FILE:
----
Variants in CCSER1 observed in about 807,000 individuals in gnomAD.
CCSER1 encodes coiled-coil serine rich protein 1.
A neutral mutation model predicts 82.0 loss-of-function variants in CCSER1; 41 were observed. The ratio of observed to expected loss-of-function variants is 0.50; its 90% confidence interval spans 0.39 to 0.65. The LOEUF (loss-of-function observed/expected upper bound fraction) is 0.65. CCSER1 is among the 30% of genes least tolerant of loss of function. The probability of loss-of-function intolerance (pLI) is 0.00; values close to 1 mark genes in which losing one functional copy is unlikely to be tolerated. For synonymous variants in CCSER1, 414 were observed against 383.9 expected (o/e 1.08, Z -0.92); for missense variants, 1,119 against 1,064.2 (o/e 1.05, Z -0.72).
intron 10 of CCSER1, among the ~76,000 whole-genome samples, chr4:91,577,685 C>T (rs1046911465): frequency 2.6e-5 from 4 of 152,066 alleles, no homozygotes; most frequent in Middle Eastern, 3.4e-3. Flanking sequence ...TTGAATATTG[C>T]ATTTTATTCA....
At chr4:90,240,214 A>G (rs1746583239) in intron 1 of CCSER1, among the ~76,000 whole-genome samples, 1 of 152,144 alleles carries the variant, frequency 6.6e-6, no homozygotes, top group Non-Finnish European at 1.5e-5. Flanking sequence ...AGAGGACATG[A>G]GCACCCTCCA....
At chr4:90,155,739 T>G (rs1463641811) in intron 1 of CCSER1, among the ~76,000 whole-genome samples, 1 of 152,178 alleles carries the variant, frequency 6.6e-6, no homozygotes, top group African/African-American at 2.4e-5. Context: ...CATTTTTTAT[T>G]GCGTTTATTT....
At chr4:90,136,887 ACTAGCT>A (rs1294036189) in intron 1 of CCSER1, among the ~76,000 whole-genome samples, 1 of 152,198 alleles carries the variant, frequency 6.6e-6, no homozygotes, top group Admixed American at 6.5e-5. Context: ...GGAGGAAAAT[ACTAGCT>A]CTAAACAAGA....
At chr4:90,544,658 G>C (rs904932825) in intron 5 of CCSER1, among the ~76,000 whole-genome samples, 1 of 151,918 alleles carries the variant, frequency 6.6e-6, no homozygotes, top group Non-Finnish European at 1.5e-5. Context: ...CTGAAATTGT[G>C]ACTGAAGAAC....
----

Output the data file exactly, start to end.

Variants in CCSER1 observed in about 807,000 individuals in gnomAD.
CCSER1 encodes coiled-coil serine rich protein 1.
A neutral mutation model predicts 82.0 loss-of-function variants in CCSER1; 41 were observed. The ratio of observed to expected loss-of-function variants is 0.50; its 90% confidence interval spans 0.39 to 0.65. The LOEUF (loss-of-function observed/expected upper bound fraction) is 0.65. CCSER1 is among the 30% of genes least tolerant of loss of function. The probability of loss-of-function intolerance (pLI) is 0.00; values close to 1 mark genes in which losing one functional copy is unlikely to be tolerated. For synonymous variants in CCSER1, 414 were observed against 383.9 expected (o/e 1.08, Z -0.92); for missense variants, 1,119 against 1,064.2 (o/e 1.05, Z -0.72).
intron 10 of CCSER1, among the ~76,000 whole-genome samples, chr4:91,577,685 C>T (rs1046911465): frequency 2.6e-5 from 4 of 152,066 alleles, no homozygotes; most frequent in Middle Eastern, 3.4e-3. Flanking sequence ...TTGAATATTG[C>T]ATTTTATTCA....
At chr4:90,240,214 A>G (rs1746583239) in intron 1 of CCSER1, among the ~76,000 whole-genome samples, 1 of 152,144 alleles carries the variant, frequency 6.6e-6, no homozygotes, top group Non-Finnish European at 1.5e-5. Flanking sequence ...AGAGGACATG[A>G]GCACCCTCCA....
At chr4:90,155,739 T>G (rs1463641811) in intron 1 of CCSER1, among the ~76,000 whole-genome samples, 1 of 152,178 alleles carries the variant, frequency 6.6e-6, no homozygotes, top group African/African-American at 2.4e-5. Context: ...CATTTTTTAT[T>G]GCGTTTATTT....
At chr4:90,136,887 ACTAGCT>A (rs1294036189) in intron 1 of CCSER1, among the ~76,000 whole-genome samples, 1 of 152,198 alleles carries the variant, frequency 6.6e-6, no homozygotes, top group Admixed American at 6.5e-5. Context: ...GGAGGAAAAT[ACTAGCT>A]CTAAACAAGA....
At chr4:90,544,658 G>C (rs904932825) in intron 5 of CCSER1, among the ~76,000 whole-genome samples, 1 of 151,918 alleles carries the variant, frequency 6.6e-6, no homozygotes, top group Non-Finnish European at 1.5e-5. Context: ...CTGAAATTGT[G>C]ACTGAAGAAC....